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Lieutenant Commander Charles R. Train, United States Naval Attaché at Rome, to Vice Admiral William S. Sims, Commander, United States Naval Forces Operating in Europe


Telegraphic Address

  “Alusna Rome.”              AMERICAN EMBASSY

                                R O M E

11 May, 1918.

Dear Admiral:-

     Today I am sending you a telegram regarding the latest development of the Italian dreadnaught Corfu situation.1 I could not very well explain where I got it from; but it is needless to say that I saw the telegram to which my cable referred. I regret that the situation has not seemed to clear up; but of course it is of the utmost importance that the Italian squadron gets out of Taranto before the French squadron is divided and before the enemy block up Taranto.

     The following is a translation of a telegram that the Italian Naval Attache, in London, sent on the 9th inst., to Revel, which may be of interest.2 I hope you will not refer to this in any way, as it would undoubtedly bring about a very embarrassing situation, particularly among my friends who are as desirous as I am of satisfactorily settling this situation.

   “At the suggestion of the Ambassador,3 I consulted Admiral Wemys4 about the new dislocation of Allied Naval Forces in the Mediterranean, pointing out to him the grave inconvenience of a moral and political nature, that would result from putting our squadron under the orders of the French Commander in Chief.5 The Admiral set forth that in the last Naval Council, the desirability was unanimously recognized of bringing together at Corfu, the naval forces opposing the Austrian-Hungarian forces. He insisted upon the greater strategic position of this port, andon the precarious position of our ships in the inner harbor of Taranto, adding that he considered it relatively easy, moreover, for the submarine to blockade the Gulf of Taranto, and thus prevent the union of our squadron with the French squadron. He suggested that after all, the question of the dislocation of the Naval Forces in the Ionian Sea, seemed of secondary importance in comparison with the necessity of separating into the Aegean Sea a part of the French squadron at present at Corfu. As to the matter of assigning command, he declared it seemed to him the question should be discussed between Italy and France; and should be settled also in the event of our squadron remaining at Taranto, since this squadron ought to work in concert with the French. The Admiral gave me to understand that he saw reason for intervention by the Admirality only in the event (not improbably) that the French, in separating part of their Naval forces in the Aegean Sea, laid down the condition that they be first reinforced at Corfu by our ships.”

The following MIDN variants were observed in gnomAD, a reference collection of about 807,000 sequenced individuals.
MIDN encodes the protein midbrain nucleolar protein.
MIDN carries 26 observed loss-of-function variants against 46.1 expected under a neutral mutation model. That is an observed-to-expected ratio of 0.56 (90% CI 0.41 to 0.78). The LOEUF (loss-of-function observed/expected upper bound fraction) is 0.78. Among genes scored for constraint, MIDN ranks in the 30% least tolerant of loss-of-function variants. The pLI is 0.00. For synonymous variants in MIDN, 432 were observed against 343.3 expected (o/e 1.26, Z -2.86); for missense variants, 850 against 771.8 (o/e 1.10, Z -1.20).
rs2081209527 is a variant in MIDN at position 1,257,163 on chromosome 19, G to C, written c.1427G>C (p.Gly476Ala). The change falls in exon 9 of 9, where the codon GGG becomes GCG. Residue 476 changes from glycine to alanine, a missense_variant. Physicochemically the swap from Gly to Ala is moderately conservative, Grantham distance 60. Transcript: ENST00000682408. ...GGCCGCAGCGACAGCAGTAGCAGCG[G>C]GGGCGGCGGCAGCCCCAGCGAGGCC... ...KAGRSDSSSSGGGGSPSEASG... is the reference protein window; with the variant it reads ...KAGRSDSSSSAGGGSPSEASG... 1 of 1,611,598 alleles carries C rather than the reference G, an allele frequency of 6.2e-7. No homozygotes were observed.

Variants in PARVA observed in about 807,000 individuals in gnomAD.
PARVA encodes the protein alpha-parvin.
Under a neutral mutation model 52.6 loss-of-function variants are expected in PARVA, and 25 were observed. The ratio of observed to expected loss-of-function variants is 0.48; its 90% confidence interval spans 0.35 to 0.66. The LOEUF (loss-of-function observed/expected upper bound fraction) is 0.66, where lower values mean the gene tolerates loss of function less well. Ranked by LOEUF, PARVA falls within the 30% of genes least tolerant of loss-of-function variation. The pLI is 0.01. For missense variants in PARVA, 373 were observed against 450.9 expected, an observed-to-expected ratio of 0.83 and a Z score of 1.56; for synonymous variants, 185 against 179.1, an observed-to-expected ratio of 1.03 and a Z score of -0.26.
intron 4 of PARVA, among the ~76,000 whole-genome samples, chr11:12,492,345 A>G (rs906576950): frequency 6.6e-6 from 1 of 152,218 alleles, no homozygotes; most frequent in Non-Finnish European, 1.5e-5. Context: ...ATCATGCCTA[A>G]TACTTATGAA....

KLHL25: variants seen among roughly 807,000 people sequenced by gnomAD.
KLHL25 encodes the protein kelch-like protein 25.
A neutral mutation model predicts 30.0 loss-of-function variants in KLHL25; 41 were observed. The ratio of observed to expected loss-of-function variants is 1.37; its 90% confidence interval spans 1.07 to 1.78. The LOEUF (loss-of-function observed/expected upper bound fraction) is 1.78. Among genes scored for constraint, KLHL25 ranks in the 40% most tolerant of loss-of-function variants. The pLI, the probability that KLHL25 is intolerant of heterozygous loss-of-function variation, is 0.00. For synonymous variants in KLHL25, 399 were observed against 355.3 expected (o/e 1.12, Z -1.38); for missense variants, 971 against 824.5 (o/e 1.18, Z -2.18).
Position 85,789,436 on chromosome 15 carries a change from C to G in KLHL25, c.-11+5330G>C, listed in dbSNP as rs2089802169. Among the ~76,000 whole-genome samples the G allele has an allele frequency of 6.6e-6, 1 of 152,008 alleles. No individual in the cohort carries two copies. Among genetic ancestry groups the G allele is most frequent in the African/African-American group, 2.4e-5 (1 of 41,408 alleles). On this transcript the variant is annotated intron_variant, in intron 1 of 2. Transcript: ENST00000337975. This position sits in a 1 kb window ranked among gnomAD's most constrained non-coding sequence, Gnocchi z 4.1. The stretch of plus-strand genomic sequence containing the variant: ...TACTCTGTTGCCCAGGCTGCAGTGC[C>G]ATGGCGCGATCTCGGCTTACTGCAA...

In regard to the assignment of the “CITTA di CAPTANIA” and the “CITTA di SYRACUSA” to England, as mine layers, I am told that the question has been taken up with the Prime Minister,6 and that orders would promptly be given for these vessels to go to the British Navy.

          I shall be glad to see Yarnell and Hal Dunlap,7 and will do all I can for them.

Yours very sincerely,

S/   C. R. TRAIN        

Source Note: TLS, DLC-MSS, William Sims Papers, Box 23. Addressed below close: “To Vice Admiral William S. Sims, U.S.N.,/Force Commander U.S.N., In European Waters,/LONDON./TRAIN.” A document reference appears at the top of the first page in columnar fashion: “1/5/6/j/Q.”

Footnote 1: This telegram has not been located. For additional information on the situation in Corfu, however, see: Sims to William S. Benson, 30 April 1918.

Footnote 2: RAdm. Giuseppe De Lorenzi and Adm. Paolo Thaon di Revel, Chief of the Naval Staff.

Footnote 3: Marquis Guglielmo Imperiali.

Footnote 4: First Sea Lord Adm. Sir Roslyn Wemyss.

Footnote 5: VAdm. Dominique Marie Gauchet, Commander-in-Chief, Allied Naval Forces, Mediterranean.

Footnote 6: Vittorio Orlando.

Footnote 7: Capt. Harry E. Yarnell and Col. R. H. Dunlap, U. S. M. C., both members of the Planning Section, United States Naval Forces Operating in European Waters. Yarnell and Dunlap were sent to Rome to study further a proposed project to secure and blockade the Adriatic Sea as part of a committee that was to meet 15 May to examine certain plans of operation already in existence. See: Sims to William S. Benson, 30 April 1918.